सवा लाख से एक लड़ाऊं,
चिड़ियन ते मैं बाज तुड़ाऊं,
तबै गुरु गोबिंद सिंह नाम कहाऊं!!”
Guru Gobind Singh was born in Patna on 22nd Dec 1666 & was the only son of Guru Tegh Bahadur & Mata Gujri, in Takht Sri Patna Harimandar Sahib, where he spent his first 4 years of life.
Early Life and Family
His name at birth was Gobind Rai, a spiritual master, a great warrior, poet & philosopher.
In 1670, his family returned to Punjab, and in March 1672 they moved to Chakk Nanaki in the Himalayan foothills of North India, where he went to school, where he went to school & excelled in reading, writing as well as martial arts such as horse riding and archery.
Guru Gobind Singh had two wives, the same girl, with two names, Mata Jito & Mata Sundari.
It was a practice in those times to arrange marriage & perform an engagement at a young age, but the wedding itself took place when the couple was older when the girl actually moved in with her husband. The names were often changed at the wedding.
They had four sons:
Jujhar Singh, Zorawar Singh, Fateh Singh & Ajit Singh, who all died during his lifetime – two in battle, two executed by the Mughal army.
Chandi di Var
In 1684, he wrote the book, Chandi di Var in the Punjabi language – a legendary war between the good and the evil, where the good stands up against injustice and tyranny.
This book is also known as ‘War Shree Bhagvati Ji’.
Mother of Khalsa
At age 33, Guru Govind Singh married Mata Sahib Kaur, due to coercion. They had no children, Gobind Singh proclaimed her as the Mother of the Khalsa.
Tenth Guru- Guru Govind Singh
Guru Govind Singh played a vital role in the defense of Sikhs and Hindus against the Muslim assault of Aurangzeb, the Mughal Emperor.
His father, Guru Tegh Bahadur was beheaded for refusing to convert to Islam & he was formally installed as the leader of the Sikhs at the age of nine, on Vaisakhi, 29 March 1676, becoming the tenth and final human Sikh Guru.
What is the story of Khalsa?
One of his biggest contributions to Sikhism is that the founder of the Sikh Warrior community called Khalsa, or “the pure ones” in 1699, called the Khalsa movement.
Guru Gobind Singh finalized and enshrined the Guru Granth Sahib as Sikhism’s primary scripture & eternal Guru.
He is credited with Dasam Granth, whose hymns are a sacred part of Sikh prayers.
In 1699, Guru Gobind ji asked for volunteers who would be willing to have their heads cut off.
Five men stood forward, whom he called the Panj Pyare & the first Khalsa in the Sikh establishment.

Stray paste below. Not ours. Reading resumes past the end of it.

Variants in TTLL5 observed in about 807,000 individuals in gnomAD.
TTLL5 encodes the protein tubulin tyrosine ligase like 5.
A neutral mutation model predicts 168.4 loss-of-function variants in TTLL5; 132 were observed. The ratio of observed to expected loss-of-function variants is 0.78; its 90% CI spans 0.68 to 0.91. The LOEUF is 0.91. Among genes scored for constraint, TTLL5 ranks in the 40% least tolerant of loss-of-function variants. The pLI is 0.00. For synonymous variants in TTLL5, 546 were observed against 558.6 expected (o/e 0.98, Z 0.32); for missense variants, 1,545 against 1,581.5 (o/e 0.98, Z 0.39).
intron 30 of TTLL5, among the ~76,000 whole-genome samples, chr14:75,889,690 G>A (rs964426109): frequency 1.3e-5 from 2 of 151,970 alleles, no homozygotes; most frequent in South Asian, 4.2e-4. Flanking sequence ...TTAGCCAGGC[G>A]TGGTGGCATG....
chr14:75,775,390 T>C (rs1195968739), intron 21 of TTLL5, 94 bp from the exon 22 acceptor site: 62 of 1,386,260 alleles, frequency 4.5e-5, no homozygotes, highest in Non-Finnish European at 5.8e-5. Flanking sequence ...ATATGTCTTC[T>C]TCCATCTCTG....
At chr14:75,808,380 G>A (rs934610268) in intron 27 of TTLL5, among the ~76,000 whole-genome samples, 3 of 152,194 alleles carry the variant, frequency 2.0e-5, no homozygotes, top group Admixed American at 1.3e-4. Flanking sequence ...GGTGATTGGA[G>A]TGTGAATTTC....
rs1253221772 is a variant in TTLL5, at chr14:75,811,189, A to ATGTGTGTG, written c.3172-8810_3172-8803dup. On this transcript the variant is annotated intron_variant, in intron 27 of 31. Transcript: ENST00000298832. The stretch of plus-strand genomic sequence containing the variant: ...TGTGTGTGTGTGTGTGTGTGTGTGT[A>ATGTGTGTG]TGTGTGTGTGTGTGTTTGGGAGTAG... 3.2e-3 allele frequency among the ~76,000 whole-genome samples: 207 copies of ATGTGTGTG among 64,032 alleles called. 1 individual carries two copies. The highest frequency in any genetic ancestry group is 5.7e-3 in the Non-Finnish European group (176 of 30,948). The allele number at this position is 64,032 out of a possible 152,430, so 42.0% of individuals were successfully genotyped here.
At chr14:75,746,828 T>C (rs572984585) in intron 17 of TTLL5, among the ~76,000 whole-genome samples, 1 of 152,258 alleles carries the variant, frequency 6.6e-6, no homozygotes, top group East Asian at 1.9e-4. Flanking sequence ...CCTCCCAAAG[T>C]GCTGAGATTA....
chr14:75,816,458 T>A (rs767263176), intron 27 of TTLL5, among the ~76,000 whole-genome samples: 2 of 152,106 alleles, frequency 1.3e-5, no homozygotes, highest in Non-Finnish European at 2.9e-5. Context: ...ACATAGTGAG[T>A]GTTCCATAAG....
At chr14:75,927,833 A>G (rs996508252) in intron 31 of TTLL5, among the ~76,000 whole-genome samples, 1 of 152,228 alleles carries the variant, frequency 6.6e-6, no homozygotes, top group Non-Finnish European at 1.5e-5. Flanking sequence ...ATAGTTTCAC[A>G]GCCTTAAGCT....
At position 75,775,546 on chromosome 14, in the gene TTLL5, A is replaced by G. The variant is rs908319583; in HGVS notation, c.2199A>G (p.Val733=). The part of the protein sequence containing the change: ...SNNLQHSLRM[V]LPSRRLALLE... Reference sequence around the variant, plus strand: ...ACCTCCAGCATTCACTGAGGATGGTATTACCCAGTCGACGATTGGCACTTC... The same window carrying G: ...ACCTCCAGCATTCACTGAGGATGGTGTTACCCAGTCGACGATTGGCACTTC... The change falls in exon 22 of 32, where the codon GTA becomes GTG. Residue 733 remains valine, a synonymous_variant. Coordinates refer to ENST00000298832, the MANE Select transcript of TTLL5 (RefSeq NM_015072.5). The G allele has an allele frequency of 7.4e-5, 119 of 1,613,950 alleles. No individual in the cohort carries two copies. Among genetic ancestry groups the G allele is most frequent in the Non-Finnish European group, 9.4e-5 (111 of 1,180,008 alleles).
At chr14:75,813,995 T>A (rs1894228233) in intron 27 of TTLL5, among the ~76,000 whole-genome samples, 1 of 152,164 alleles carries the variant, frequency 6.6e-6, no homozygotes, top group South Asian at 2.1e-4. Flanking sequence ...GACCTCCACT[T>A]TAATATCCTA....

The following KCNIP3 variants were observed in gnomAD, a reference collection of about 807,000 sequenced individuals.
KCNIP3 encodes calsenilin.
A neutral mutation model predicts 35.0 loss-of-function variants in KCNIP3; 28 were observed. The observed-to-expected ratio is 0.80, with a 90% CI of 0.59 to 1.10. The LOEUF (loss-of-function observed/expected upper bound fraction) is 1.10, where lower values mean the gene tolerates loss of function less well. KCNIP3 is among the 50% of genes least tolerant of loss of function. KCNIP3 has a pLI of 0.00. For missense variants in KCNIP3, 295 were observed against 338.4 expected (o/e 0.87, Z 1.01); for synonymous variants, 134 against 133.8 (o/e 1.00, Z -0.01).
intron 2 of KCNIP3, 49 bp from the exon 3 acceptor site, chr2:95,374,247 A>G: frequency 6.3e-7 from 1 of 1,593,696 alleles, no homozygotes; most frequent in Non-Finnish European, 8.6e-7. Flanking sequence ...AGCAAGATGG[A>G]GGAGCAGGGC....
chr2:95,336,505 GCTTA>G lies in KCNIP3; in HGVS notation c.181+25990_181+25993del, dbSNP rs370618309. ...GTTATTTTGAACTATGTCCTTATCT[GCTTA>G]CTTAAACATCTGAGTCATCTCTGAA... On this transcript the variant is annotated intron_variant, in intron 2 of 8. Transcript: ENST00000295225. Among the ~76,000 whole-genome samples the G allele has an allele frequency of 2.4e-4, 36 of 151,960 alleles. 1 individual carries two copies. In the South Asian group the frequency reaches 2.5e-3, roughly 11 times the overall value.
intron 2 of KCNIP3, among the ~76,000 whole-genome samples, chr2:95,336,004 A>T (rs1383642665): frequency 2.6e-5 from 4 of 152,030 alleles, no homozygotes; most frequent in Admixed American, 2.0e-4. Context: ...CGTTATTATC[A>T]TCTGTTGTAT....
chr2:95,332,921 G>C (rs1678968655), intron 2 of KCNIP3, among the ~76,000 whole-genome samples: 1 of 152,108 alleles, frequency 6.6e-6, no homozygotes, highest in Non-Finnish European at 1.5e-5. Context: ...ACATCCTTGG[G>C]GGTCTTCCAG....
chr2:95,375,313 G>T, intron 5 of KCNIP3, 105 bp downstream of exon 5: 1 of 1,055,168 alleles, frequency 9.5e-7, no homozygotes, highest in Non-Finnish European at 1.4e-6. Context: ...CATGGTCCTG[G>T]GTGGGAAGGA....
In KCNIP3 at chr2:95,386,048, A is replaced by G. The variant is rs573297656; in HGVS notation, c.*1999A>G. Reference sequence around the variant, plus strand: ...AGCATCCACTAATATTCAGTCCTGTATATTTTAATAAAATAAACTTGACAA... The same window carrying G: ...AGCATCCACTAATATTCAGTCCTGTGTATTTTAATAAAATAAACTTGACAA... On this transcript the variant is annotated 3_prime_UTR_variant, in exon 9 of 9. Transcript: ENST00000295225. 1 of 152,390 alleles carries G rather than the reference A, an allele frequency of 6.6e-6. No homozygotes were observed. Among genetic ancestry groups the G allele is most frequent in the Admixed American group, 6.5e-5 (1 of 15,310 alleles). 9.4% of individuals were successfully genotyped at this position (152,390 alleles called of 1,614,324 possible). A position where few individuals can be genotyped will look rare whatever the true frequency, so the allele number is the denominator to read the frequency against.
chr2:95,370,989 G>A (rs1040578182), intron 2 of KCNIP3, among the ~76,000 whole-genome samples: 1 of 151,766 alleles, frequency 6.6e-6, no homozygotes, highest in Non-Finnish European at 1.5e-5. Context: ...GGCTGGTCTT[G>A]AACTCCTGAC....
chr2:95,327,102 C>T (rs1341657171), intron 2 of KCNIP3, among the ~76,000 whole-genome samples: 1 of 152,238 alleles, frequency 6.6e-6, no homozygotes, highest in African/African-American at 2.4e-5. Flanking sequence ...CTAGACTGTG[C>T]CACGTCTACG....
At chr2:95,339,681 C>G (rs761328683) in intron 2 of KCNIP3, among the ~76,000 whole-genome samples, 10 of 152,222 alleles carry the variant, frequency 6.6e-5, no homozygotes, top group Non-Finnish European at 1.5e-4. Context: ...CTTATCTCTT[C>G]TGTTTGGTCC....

Guru Gobind Singh then mixed water and sugar into an iron bowl, stirring it with a double-edged sword to prepare what he called Amrit.
He then administered this to the Panj Pyare, accompanied with recitations from the Adi Granth, thus founding the initiation ceremony of a Khalsa – a warrior community.
The Guru also gave them a new surname “Singh” (lion). After the first five Khalsa had been baptized, the Guru asked the five to baptize him as a Khalsa. This made the Guru the sixth Khalsa, and his name changed from Guru Gobind Rai to Guru Gobind Singh.
The duty of the Paanj Pyare was to uphold & protect the Khalsa movement.
Before the Khalsa movement, the “Sikh” name was derived from the Sanskrit word, Sishya, meaning disciple or student. Thereafter the Sikh movement was called Khalsa.
What are the 5 K of Khalsa?
Guru Gobind Singh initiated the Five K’s tradition of the Khalsa,
- Kesh: uncut hair. Long hair & turbans were meant to protect against sword cuts
- Kangha: a wooden comb.
- Kara: an iron or steel bracelet worn on the wrist, a symbol that sikh spirit was strong & unbending. It also protected the right hand during sword fights.
- Kirpan: a sword or dagger.
- Kacchera: short breeches, which more practical in fighting than dhotis or loose trousers of muslims
He also forbade
- ‘halal’ meat (slow slaughter of animals)
Khalsa । Khalsa Sikhs । Sahajdhari Sikhs
Prior to the Khalsa, the Sikh congregations across India had a system of Masands, who wasappointed by the Sikh Gurus, who led the local Sikh communities, local temples, collected wealth and donations for the Sikh cause.
Guru Gobind Singh concluded that the Masands system had become corrupt; he abolished them and introduced a more centralized system with the help of Khalsa that was under his direct supervision.